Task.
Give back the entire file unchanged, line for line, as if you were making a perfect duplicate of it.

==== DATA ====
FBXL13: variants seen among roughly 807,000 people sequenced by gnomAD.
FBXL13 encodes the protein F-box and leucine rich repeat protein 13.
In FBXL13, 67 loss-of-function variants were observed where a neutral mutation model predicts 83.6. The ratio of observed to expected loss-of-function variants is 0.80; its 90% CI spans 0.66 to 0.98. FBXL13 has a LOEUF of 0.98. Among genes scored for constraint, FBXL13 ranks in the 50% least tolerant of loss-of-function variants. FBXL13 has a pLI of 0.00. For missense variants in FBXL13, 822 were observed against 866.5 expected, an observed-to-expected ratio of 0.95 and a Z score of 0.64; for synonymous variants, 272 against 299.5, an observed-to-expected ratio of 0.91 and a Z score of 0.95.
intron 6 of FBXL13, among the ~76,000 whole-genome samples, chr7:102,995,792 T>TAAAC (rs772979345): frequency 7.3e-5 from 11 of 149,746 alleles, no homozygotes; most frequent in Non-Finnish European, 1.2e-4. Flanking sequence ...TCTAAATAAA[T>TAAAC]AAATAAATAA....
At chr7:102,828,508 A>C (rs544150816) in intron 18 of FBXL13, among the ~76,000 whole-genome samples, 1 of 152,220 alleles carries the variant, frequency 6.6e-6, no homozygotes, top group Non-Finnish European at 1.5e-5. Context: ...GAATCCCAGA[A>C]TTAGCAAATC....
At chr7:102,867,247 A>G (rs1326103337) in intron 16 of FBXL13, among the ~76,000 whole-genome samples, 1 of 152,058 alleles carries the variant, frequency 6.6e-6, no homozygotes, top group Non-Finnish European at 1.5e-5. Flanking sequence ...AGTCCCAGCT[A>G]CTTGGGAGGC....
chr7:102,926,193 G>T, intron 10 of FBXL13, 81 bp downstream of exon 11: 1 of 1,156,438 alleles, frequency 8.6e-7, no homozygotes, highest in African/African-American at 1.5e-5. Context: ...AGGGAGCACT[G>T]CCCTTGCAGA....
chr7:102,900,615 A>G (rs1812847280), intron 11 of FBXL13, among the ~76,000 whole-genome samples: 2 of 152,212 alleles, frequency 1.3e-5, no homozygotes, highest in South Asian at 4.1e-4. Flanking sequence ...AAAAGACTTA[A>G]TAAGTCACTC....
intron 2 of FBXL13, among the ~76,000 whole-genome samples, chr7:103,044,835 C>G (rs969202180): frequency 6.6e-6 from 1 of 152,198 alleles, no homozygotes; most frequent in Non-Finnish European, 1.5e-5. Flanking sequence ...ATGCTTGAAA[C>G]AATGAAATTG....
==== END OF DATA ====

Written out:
FBXL13: variants seen among roughly 807,000 people sequenced by gnomAD.
FBXL13 encodes the protein F-box and leucine rich repeat protein 13.
In FBXL13, 67 loss-of-function variants were observed where a neutral mutation model predicts 83.6. The ratio of observed to expected loss-of-function variants is 0.80; its 90% CI spans 0.66 to 0.98. FBXL13 has a LOEUF of 0.98. Among genes scored for constraint, FBXL13 ranks in the 50% least tolerant of loss-of-function variants. FBXL13 has a pLI of 0.00. For missense variants in FBXL13, 822 were observed against 866.5 expected, an observed-to-expected ratio of 0.95 and a Z score of 0.64; for synonymous variants, 272 against 299.5, an observed-to-expected ratio of 0.91 and a Z score of 0.95.
intron 6 of FBXL13, among the ~76,000 whole-genome samples, chr7:102,995,792 T>TAAAC (rs772979345): frequency 7.3e-5 from 11 of 149,746 alleles, no homozygotes; most frequent in Non-Finnish European, 1.2e-4. Flanking sequence ...TCTAAATAAA[T>TAAAC]AAATAAATAA....
At chr7:102,828,508 A>C (rs544150816) in intron 18 of FBXL13, among the ~76,000 whole-genome samples, 1 of 152,220 alleles carries the variant, frequency 6.6e-6, no homozygotes, top group Non-Finnish European at 1.5e-5. Context: ...GAATCCCAGA[A>C]TTAGCAAATC....
At chr7:102,867,247 A>G (rs1326103337) in intron 16 of FBXL13, among the ~76,000 whole-genome samples, 1 of 152,058 alleles carries the variant, frequency 6.6e-6, no homozygotes, top group Non-Finnish European at 1.5e-5. Flanking sequence ...AGTCCCAGCT[A>G]CTTGGGAGGC....
chr7:102,926,193 G>T, intron 10 of FBXL13, 81 bp downstream of exon 11: 1 of 1,156,438 alleles, frequency 8.6e-7, no homozygotes, highest in African/African-American at 1.5e-5. Context: ...AGGGAGCACT[G>T]CCCTTGCAGA....
chr7:102,900,615 A>G (rs1812847280), intron 11 of FBXL13, among the ~76,000 whole-genome samples: 2 of 152,212 alleles, frequency 1.3e-5, no homozygotes, highest in South Asian at 4.1e-4. Flanking sequence ...AAAAGACTTA[A>G]TAAGTCACTC....
intron 2 of FBXL13, among the ~76,000 whole-genome samples, chr7:103,044,835 C>G (rs969202180): frequency 6.6e-6 from 1 of 152,198 alleles, no homozygotes; most frequent in Non-Finnish European, 1.5e-5. Flanking sequence ...ATGCTTGAAA[C>G]AATGAAATTG....